Four Low Cost Strategies for Scaling Network Security
If your next generation firewall (NGFW) or intrusion prevention system (IPS) is reaching capacity, you may be worrying about how to scale up without breaking your budget. What if you could help your solutions work smarter, to handle more volume without the need for major CAPEX? You may be able to do just that with a few simple strategies.
Strategy 1: Pool security appliances to serve multiple network segments
This strategy works in situations where a NGFW or IPS on one network segment is working at capacity and a similar appliance on another segment is under-utilized. The idea is to get the appliances to share the workload more evenly to avoid adding another high-cost appliance. To do this, you deploy a network packet broker (NPB) as a middleman to collect incoming traffic from multiple segments and distribute it among your appliances. It may be counter-intuitive that adding a device will save you money, but the cost of an NPB can be far less than adding an appliance to your busiest segment. Plus, an NPB lets you to set the rules for how traffic is distributed, to provide automatic load balancing among them. For monitoring inline traffic on your live network, you should choose a high-performance NPB that can process traffic at line rate, so network response time doesn’t suffer and you can deliver the expected quality of service.
Pooling your security appliances also gives you resiliency without having to purchase redundant devices for every network segment. With an NPB in place, you only need one additional device in the pool to pick up the slack if any one of your appliances goes offline. (You may have heard this referred to as the N+1 approach.) Because your total capacity is pooled, the NPB can automatically allocate the traffic among the remaining available appliances. With this architecture security is maintained even during an unanticipated failure or when you need to take an appliance offline temporarily to update its operating system.
Strategy 2: Reduce the number of packets you inspect, not the number of segments you monitor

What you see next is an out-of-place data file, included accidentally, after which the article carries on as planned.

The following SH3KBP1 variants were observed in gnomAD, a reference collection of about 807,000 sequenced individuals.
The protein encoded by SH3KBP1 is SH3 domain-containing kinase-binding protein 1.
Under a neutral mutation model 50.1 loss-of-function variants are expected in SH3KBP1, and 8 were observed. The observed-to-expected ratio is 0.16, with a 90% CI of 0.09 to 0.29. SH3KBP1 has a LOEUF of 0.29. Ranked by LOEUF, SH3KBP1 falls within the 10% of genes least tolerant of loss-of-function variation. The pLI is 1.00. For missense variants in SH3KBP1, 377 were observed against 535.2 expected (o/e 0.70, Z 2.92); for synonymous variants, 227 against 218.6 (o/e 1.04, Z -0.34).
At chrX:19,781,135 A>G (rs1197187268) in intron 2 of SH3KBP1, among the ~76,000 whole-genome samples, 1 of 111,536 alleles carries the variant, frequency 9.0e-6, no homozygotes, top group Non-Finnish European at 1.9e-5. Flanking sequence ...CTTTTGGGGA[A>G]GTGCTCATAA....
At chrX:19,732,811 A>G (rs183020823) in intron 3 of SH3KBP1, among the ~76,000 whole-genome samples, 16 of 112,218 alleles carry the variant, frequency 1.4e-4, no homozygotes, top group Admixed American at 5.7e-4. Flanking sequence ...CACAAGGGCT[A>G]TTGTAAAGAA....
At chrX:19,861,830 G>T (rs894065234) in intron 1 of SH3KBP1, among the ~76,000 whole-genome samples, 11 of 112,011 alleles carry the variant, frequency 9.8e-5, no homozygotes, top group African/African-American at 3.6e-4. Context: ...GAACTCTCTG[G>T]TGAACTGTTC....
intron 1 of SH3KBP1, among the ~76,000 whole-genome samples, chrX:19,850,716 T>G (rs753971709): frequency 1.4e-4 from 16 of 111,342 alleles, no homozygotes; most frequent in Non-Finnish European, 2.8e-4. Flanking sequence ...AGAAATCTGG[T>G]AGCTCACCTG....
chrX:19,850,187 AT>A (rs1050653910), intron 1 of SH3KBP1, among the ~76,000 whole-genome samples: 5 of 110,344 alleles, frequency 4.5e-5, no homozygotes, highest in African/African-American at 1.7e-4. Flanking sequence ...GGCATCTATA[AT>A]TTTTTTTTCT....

The high cost of sophisticated NGFW and IPS solutions may cause some organizations to pick and choose the network segments they monitor. A recent security study performed by EMA for Ixia found that 47% of enterprises leave more than half of their network segments unmonitored. It’s no wonder attacks continue to succeed. While you may not need to monitor 100% of segments, leaving segments unmonitored can be risky. A better approach is to pick and choose the type of traffic you send to your appliances, rather than the segments you monitor.
In this strategy, you use the NPB to aggregate traffic collected from multiple network segments using network taps and then eliminate duplications to condense the workload. Some security tools are capable of deduplication, but because this is a resource-intensive process, it is more efficient to use a high performance NPB. When MPLS or other tunneling technology is used, an NPB can also be used to locate the information needed by your IPS appliance.
The NPB can also filter out traffic that doesn’t require inspection, such as voice and video packets that can be forwarded directly into the network. With the growing use of video, this can significantly reduce traffic congestion and make your IPS solution more efficient. Filters can also be created to send email traffic to an Email Security Device and web application traffic to a Web Application Firewall. Filtering has helped Ixia customers reduce traffic to their security tools by up to 80%, providing much more room for overall increases in traffic volume.